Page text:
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Your hypothetical of putting $5000 at risk by saving $60 or $80 does not seem to at all take into account the actual risk of this happening. And that's an important part of the equation if you're going to start talking about cost and risk. Has there ever actually been evidence that a third party battery permanently damaged a camera? How many times in the history of the tens of thousands of third party batteries sold? Is it even more than you can count on one hand? Even if it is saving $60 or $80 to put a $5000 camera at risk, I'd take my chances based on the low risk of that damage happening.

And regardless, as others have said, there are pretty reputable third party batteries, and then there's the absolute junk. I'd be willing to bet that any battery that has actually damaged a camera was some absolute bottom of the barrel junk.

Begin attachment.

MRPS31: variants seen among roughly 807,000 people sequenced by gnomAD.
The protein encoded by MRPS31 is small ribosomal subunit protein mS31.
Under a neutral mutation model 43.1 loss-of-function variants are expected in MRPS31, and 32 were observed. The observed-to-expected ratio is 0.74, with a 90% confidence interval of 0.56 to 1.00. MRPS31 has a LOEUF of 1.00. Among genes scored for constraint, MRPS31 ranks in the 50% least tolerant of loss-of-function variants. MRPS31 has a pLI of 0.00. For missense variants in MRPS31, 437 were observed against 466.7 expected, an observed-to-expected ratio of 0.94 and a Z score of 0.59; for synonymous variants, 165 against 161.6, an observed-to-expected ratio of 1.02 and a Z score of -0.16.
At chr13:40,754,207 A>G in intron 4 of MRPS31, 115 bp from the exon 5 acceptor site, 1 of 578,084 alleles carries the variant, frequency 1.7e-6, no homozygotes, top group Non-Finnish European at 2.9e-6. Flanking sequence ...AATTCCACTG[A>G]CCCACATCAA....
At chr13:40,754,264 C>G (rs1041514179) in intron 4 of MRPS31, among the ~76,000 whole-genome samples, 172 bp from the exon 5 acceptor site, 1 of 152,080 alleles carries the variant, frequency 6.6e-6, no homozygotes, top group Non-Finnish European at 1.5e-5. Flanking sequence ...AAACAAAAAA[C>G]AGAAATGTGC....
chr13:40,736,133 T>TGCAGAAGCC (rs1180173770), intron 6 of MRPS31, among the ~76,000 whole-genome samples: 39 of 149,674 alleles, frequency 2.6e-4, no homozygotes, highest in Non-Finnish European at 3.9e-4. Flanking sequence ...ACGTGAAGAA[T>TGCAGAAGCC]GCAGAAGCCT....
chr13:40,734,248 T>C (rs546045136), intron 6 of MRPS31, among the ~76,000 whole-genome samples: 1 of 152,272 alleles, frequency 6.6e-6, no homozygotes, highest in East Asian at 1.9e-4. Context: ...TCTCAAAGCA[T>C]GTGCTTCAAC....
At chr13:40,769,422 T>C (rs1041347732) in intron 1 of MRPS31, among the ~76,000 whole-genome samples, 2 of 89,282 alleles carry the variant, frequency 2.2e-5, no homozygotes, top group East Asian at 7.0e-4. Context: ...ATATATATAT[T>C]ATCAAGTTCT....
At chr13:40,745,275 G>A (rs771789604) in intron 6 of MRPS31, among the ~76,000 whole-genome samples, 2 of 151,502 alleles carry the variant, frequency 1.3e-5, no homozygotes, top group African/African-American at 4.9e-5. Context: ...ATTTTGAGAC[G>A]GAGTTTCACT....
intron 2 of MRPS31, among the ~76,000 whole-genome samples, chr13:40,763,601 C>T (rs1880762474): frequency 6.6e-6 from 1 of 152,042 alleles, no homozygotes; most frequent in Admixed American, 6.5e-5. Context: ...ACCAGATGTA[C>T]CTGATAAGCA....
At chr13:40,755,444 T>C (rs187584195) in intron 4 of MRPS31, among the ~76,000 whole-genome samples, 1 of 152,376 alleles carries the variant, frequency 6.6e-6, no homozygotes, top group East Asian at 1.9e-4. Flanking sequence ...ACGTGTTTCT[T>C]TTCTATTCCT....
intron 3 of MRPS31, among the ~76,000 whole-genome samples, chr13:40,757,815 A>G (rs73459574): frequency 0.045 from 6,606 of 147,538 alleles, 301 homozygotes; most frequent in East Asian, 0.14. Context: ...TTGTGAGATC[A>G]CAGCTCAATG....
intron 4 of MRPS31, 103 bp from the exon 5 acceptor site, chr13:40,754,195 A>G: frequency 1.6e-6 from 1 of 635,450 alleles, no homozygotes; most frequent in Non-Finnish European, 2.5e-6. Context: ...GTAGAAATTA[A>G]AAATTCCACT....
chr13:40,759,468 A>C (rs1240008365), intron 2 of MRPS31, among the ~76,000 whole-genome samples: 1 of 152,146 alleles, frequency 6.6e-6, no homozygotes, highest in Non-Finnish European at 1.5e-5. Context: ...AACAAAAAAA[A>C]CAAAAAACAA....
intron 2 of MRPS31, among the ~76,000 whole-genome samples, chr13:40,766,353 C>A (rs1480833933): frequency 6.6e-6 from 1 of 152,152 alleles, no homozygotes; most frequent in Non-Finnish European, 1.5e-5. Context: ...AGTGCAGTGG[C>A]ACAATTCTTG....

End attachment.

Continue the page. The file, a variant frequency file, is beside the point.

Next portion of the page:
I agree. Especialy because my only battery problem so far with the 1D was with a ORIGINAL battery.
Also, I think I had like 1 problem with a third party battery with my 5D IV. The problem was just that the battery died sooner than expected. But there I tend to by original batteries.
I NEVER heard from anyone with a damaged camera due to a failing battery.
But some people have problems with 3rd party batteries, where the battery indicator is jumping around (from 40 to 0 or someting). At weddings I only use original 5D batteries.
 
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Yes I saw someone using that [EOS-R] and try to get sharp bird pics. He was really struggling
I am afraid your observation is misleading. I am using R for birds pictures and have got some very good results without added struggle, specially with the new firmware 1.4. And I am not the only one. Need proof? see the "Show your birds portraits" thread.
 
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Jun 12, 2015
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Mirrorless is not there yet. I am still trying to get used to the focussing an tracking system. Of is not as nearly as good as the 1dx or the 5d IV. Try to get birds or even kids with the r. It is hard .... to catch a sharp picture with all that mouvement.